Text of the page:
Regional jet manufacturer Embraer SA (ADR) (NYSE:ERJ) gave investors a scare in late 2012, when slow sales of E-Jets aircraft for the 70- to 110-seat market raised the specter of production cuts. The company’s order backlog was only $12.5 billion by the end of 2012, down nearly 20% from the beginning of the year. At only 2 times annual revenue, Embraer SA (ADR) (NYSE:ERJ)’s order backlog is much lower than the comparable figures for competitors such as The Boeing Company (NYSE:BA) , which has a backlog equal to seven years of revenue.
Embraer SA (ADR) (NYSE:ERJ) does expect somewhat slower commercial aircraft production in 2013 with 90 to 95 deliveries, compared with 106 in 2012. However, the growing popularity of two class regional jets for the big U.S. network carriers creates a significant opportunity for Embraer SA (ADR) (NYSE:ERJ) to fill open delivery slots for the next few years while rebuilding its order backlog. Furthermore, the company is diversifying its revenue base by growing its private jet and military segments; combined, these will reach nearly half of total company revenue in 2013. These trends may have finally put Embraer SA (ADR) (NYSE:ERJ) on the upswing.
The growing American opportunity
While the U.S. aviation market is mature, demand for large regional jets such as Embraer SA (ADR) (NYSE:ERJ)’s E-Jets is very robust today. This is the result of three factors. First, the rapid rise of oil prices over the past decade has made fuel efficiency critical, and large regional jets burn much less fuel per seat than 50-seat and smaller regional jets. Second, large regional jets can accommodate a first-class section and/or premium economy seating and are more comfortable than 50-seaters in general. These amenities can help attract higher-yielding business passengers. Third, the “Big Three” airlines — Delta Air Lines, Inc. (NYSE:DAL) , United Continental Holdings Inc (NYSE:UAL) , and American Airlines — have all successfully negotiated with their pilots over the past year for the ability to increase usage of large regional jets.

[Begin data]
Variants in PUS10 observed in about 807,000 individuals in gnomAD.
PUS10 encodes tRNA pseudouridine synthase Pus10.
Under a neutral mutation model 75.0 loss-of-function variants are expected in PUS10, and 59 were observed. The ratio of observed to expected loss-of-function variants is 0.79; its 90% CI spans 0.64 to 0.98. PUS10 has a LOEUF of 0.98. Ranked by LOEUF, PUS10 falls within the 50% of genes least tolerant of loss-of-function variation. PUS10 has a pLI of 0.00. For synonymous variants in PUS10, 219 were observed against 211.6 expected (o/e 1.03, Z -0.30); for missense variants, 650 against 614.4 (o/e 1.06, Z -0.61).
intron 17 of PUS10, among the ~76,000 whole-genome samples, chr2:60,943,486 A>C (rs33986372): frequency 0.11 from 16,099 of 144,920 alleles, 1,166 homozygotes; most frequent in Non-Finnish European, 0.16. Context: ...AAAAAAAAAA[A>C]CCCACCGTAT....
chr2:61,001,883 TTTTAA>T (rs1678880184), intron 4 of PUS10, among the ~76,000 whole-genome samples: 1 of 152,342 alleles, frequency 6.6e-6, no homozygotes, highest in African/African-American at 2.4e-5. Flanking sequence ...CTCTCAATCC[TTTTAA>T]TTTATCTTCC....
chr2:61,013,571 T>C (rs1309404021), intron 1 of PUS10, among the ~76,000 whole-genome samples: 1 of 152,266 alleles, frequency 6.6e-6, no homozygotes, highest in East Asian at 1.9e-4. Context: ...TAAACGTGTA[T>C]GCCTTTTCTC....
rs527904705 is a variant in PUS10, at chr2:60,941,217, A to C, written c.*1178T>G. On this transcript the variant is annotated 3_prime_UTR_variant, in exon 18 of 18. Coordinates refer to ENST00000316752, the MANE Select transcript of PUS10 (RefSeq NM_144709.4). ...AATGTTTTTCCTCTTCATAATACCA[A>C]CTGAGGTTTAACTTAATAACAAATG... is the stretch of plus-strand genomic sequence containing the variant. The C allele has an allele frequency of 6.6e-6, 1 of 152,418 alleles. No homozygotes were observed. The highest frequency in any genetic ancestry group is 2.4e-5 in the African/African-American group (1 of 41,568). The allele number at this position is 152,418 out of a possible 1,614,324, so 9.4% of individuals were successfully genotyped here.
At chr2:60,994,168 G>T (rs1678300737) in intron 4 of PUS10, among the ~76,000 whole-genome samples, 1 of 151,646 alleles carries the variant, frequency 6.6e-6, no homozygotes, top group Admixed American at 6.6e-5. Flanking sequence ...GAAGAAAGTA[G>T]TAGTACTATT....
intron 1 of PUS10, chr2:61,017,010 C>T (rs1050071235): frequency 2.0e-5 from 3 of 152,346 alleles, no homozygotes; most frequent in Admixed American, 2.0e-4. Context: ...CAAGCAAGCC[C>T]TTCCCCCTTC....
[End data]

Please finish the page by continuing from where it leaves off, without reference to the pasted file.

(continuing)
Delta is the furthest ahead on this strategy and is in the midst of executing a plan that will reduce its 50-seat regional jet fleet from 313 at the end of 2012 to just 125 by the end of 2015. Many of those will be replaced by Boeing 717 mainline aircraft, but there will also be an increase in large regional jet flying.
United and American will see even more growth in large regional jet flying. According to a recently signed pilot agreement, American is permitted to operate more than 300 76-seat regional jets (such as the Embraer E-175), compared with just 47 previously. Embraer has already benefited from this change, as it recently received an order from Republic Airways Holdings Inc. (NASDAQ:RJET) for 47 E-175s to be operated for American. Deliveries will run from mid-2013 through 2015, and Republic has options for another 47 aircraft. American and its merger partner US Airways Group, Inc. (NYSE:LCC) will probably look to grow their 76-seat fleet further to better compete with Delta, which gives Embraer a good chance of converting these options to firm orders.